"By just changing to smaller angles, the device bends more readily around objects to provide a stronger hold that requires less force," Gorb said. "It means that we can save up to around 20% of the 's energy, and take a gentler approach," said first author Poramate Manoonpong. "We can use the gripping mechanism for a robot gripper that can handle very delicate and fragile items, like foods, and apply significantly less force or energy. It could have an impact on the way the entire industry makes robotic grippers." Manoonpong is a professor of biorobotics from SDU and Vidyasirimedhi Institute of Science and Technology (VISTEC) in Thailand. Many joint ideas already emerged a few years ago when Manoonpong spent a semester in Kiel at Gorb's invitation as part of the Scandinavian Visiting Professorship of the CAU.

  • Insects help robots gain better grip
    The so-called Fin-Ray® effect: If pressure is applied to the sharp triangle with the special crossbeams inside, it does not give way but curves back in the direction from which the pressure came. Credit: Hamed Rajabi
  • Insects help robots gain better grip
    The team from Kiel has examined the feet of the bush cricket Tettigonia viridissima in more detail: In cross-section under the scanning electron microscope, they show struts inside similar to those seen in the Fin-Ray effect. Credit: Stanislav Gorb

Finally, the Kiel part of the research team tested what would happen if they applied this improved gripping function from the hand to the foot elements of robots. They built robot feet with internal cross beams at oriented at different angles. This allows them to bend around stones or pipes and gets a large contact area with them. Tests were conducted at SDU in Odense, Denmark, where a single robot leg platform was setup to walk on a pipe, and at VISTEC in Rayong, Thailand, where a hexapod robot was required to walk across a set of pipes o rocky terrain. Here they could see that the robot systems with an optimal angle of crossbeams at 10° used much less energy and moved faster and easier than a traditional angle of crossbeams at 90 degrees. "This something the oil and gas industry requires," said Manoonpong.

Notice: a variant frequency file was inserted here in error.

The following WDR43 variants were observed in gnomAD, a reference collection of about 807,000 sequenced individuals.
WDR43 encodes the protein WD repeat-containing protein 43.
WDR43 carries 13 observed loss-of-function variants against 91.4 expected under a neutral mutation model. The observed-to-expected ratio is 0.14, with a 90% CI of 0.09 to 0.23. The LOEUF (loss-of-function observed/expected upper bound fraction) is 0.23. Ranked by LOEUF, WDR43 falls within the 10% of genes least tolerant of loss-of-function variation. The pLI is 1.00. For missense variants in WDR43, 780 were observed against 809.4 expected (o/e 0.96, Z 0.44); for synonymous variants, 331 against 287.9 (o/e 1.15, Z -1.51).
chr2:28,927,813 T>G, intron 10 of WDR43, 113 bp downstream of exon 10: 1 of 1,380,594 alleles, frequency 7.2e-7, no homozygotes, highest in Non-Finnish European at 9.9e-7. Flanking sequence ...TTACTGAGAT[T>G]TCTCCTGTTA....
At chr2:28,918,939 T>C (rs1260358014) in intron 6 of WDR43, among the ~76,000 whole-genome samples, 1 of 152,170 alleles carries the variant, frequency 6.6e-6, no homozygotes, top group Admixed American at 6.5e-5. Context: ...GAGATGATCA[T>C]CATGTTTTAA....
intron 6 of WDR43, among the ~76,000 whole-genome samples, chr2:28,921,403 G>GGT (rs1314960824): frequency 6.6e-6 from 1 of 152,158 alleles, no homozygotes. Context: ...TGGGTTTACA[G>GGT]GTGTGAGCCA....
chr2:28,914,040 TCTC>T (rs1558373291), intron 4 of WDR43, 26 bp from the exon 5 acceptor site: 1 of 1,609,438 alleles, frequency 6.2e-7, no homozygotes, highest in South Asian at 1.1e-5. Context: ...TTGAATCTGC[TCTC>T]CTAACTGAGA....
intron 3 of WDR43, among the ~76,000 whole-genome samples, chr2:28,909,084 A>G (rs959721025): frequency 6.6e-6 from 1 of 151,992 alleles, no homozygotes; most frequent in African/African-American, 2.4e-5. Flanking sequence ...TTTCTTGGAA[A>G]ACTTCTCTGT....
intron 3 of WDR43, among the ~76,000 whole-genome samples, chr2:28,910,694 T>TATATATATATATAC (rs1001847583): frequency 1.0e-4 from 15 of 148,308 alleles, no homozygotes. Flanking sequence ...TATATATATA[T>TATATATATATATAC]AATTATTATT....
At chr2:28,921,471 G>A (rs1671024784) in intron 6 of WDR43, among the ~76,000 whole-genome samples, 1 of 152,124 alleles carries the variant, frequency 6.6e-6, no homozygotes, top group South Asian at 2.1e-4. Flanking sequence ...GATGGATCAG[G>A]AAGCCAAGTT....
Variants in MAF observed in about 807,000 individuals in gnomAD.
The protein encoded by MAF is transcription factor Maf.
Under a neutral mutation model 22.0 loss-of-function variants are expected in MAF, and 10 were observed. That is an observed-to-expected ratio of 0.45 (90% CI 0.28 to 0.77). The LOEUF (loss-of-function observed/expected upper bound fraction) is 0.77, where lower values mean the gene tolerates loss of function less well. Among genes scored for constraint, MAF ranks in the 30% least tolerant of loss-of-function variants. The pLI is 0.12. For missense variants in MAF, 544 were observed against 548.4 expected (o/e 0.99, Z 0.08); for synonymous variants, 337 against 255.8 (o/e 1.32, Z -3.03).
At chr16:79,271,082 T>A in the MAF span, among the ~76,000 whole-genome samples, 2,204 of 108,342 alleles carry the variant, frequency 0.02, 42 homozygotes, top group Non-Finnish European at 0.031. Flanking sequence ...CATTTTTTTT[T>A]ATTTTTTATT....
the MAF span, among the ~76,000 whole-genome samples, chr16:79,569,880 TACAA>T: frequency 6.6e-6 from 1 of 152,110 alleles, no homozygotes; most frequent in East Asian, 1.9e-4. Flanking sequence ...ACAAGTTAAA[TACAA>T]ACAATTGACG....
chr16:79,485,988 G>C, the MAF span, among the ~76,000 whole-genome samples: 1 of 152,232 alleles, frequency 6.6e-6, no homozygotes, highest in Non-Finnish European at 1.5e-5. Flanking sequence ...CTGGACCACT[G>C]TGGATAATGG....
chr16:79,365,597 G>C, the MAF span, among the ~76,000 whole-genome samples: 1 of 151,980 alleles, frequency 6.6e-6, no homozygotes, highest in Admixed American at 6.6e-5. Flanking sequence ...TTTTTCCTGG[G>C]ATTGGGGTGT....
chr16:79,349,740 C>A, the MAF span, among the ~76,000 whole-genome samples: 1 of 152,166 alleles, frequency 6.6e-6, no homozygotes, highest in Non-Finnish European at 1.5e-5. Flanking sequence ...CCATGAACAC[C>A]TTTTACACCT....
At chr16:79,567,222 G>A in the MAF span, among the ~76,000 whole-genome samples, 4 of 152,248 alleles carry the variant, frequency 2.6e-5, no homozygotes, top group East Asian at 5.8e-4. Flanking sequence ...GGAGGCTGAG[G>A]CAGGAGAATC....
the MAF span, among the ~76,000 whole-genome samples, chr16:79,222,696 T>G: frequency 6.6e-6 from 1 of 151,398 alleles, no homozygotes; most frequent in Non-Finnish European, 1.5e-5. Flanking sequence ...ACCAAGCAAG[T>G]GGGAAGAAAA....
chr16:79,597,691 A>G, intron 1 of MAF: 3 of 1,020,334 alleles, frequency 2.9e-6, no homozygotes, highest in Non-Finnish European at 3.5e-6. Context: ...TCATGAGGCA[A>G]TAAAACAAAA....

Insects help robots gain better grip
The internal architecture of various smooth attachment pads of insects could also provide insights to improve the gripping functions of robots: The schemes show (clockwise from top right) generic fiber-like type found in most pads; foam-like type found in cicada (Auchenorrhyncha); hierarchical type found in bush crickets (Orthoptera) shown in a; thin filamentous type of honey bee (Hymenoptera). Credit: Stanislav Gorb

Although the results are promising, this research is based on a gripper made of very soft material. The team is now facing the challenge of making a gripper that will not only bend and grip, but will also be sturdy and robust enough to handle any environment.

More information: Poramate Manoonpong et al, Fin Ray Crossbeam Angles for Efficient Foot Design for Energy‐Efficient Robot Locomotion, Advanced Intelligent Systems (2021). DOI: 10.1002/aisy.202100133

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Citation: Insects help robots gain better grip (2022, January 27) retrieved 25 May 2024 from